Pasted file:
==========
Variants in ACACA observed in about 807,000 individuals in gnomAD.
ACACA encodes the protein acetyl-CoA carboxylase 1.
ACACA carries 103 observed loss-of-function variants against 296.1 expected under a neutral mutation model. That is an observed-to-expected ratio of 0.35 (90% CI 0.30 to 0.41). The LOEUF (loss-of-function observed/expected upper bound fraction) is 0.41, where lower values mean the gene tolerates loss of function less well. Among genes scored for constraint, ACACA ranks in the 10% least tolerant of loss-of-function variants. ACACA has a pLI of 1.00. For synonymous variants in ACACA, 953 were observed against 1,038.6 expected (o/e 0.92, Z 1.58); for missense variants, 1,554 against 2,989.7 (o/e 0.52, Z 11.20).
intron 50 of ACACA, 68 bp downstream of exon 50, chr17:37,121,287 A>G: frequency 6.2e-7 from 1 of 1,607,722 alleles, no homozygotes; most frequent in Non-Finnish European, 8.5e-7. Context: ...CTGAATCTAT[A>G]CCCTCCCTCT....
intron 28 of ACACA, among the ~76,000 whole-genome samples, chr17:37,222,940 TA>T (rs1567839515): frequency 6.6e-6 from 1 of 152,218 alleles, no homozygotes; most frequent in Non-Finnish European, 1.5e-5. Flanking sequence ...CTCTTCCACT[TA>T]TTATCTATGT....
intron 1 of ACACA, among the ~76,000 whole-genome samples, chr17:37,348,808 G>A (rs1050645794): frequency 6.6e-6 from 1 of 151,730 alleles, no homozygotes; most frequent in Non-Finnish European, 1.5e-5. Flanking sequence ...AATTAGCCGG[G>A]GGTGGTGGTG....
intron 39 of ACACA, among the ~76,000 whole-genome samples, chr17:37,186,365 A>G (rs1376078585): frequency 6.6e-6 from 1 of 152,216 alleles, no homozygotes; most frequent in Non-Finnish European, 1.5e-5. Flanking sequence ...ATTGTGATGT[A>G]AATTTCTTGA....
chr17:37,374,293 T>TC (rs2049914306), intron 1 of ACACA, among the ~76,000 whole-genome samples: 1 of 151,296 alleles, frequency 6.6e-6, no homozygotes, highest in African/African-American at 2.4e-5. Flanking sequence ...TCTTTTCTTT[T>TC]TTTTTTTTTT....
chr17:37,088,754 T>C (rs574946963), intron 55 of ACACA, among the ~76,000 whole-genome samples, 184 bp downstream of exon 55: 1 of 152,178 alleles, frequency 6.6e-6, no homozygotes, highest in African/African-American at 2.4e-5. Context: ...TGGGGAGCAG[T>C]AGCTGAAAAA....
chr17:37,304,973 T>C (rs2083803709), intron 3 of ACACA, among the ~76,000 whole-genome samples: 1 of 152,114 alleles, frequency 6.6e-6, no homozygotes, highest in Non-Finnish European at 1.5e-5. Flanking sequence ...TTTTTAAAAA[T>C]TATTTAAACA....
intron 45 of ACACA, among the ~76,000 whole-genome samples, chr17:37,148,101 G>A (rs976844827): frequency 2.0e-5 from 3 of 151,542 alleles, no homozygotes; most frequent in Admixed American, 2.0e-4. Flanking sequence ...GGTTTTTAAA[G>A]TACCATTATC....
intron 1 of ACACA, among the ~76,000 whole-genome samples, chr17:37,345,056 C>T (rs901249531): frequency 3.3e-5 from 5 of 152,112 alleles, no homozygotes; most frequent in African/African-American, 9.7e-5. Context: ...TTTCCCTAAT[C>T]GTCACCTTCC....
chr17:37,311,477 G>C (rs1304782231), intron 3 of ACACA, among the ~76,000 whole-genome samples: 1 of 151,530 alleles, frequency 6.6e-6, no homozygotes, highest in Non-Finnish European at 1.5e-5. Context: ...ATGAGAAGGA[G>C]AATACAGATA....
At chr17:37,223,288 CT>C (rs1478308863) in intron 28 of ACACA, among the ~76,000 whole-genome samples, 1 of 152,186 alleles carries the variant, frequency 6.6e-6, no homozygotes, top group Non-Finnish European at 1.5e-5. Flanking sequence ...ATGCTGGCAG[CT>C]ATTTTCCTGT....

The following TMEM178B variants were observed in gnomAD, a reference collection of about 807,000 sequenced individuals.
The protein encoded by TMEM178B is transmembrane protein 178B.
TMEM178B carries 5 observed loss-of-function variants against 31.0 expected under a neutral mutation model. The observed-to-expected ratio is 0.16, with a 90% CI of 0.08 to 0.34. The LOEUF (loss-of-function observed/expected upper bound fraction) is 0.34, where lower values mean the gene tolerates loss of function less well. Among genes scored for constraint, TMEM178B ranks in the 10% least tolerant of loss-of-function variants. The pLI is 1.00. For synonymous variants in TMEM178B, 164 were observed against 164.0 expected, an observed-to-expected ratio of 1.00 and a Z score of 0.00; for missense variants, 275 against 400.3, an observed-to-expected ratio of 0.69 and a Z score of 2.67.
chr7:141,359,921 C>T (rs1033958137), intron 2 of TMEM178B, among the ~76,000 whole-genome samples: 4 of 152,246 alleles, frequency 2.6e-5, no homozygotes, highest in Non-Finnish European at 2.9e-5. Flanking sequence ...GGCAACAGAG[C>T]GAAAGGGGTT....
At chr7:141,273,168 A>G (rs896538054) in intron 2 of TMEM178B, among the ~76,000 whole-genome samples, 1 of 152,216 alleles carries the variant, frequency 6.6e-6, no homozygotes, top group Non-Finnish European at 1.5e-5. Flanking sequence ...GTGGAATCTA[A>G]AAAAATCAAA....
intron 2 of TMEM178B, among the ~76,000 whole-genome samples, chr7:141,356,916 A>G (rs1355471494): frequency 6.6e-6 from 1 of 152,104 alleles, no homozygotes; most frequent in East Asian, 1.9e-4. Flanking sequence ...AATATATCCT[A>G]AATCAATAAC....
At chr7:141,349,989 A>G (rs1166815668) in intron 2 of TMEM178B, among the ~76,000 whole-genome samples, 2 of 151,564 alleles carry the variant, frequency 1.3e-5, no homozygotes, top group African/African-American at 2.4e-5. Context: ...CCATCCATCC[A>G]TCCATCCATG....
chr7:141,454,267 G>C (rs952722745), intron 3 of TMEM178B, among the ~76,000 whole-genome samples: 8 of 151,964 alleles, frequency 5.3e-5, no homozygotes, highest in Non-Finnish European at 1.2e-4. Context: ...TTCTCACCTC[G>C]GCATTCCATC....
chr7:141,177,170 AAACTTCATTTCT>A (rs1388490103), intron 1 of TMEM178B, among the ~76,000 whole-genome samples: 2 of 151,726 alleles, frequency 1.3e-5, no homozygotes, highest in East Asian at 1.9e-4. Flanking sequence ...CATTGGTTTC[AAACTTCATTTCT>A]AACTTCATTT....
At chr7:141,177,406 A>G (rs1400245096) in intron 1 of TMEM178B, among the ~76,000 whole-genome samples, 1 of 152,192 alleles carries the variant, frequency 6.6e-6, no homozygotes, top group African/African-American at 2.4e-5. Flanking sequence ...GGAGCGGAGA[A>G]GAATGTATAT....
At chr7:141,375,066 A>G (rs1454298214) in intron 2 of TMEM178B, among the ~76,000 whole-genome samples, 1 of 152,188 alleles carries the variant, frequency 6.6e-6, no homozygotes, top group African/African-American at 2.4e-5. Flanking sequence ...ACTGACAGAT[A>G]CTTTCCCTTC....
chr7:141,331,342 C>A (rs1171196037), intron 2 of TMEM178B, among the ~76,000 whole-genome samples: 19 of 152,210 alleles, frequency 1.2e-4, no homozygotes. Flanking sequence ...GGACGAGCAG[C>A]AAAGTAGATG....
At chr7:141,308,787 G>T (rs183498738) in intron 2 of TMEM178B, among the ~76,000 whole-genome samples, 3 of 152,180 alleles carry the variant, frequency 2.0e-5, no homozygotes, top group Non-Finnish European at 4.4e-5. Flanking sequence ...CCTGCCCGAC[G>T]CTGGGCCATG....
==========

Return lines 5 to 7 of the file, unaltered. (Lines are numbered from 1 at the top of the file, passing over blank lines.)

intron 28 of ACACA, among the ~76,000 whole-genome samples, chr17:37,222,940 TA>T (rs1567839515): frequency 6.6e-6 from 1 of 152,218 alleles, no homozygotes; most frequent in Non-Finnish European, 1.5e-5. Flanking sequence ...CTCTTCCACT[TA>T]TTATCTATGT....
intron 1 of ACACA, among the ~76,000 whole-genome samples, chr17:37,348,808 G>A (rs1050645794): frequency 6.6e-6 from 1 of 151,730 alleles, no homozygotes; most frequent in Non-Finnish European, 1.5e-5. Flanking sequence ...AATTAGCCGG[G>A]GGTGGTGGTG....
intron 39 of ACACA, among the ~76,000 whole-genome samples, chr17:37,186,365 A>G (rs1376078585): frequency 6.6e-6 from 1 of 152,216 alleles, no homozygotes; most frequent in Non-Finnish European, 1.5e-5. Flanking sequence ...ATTGTGATGT[A>G]AATTTCTTGA....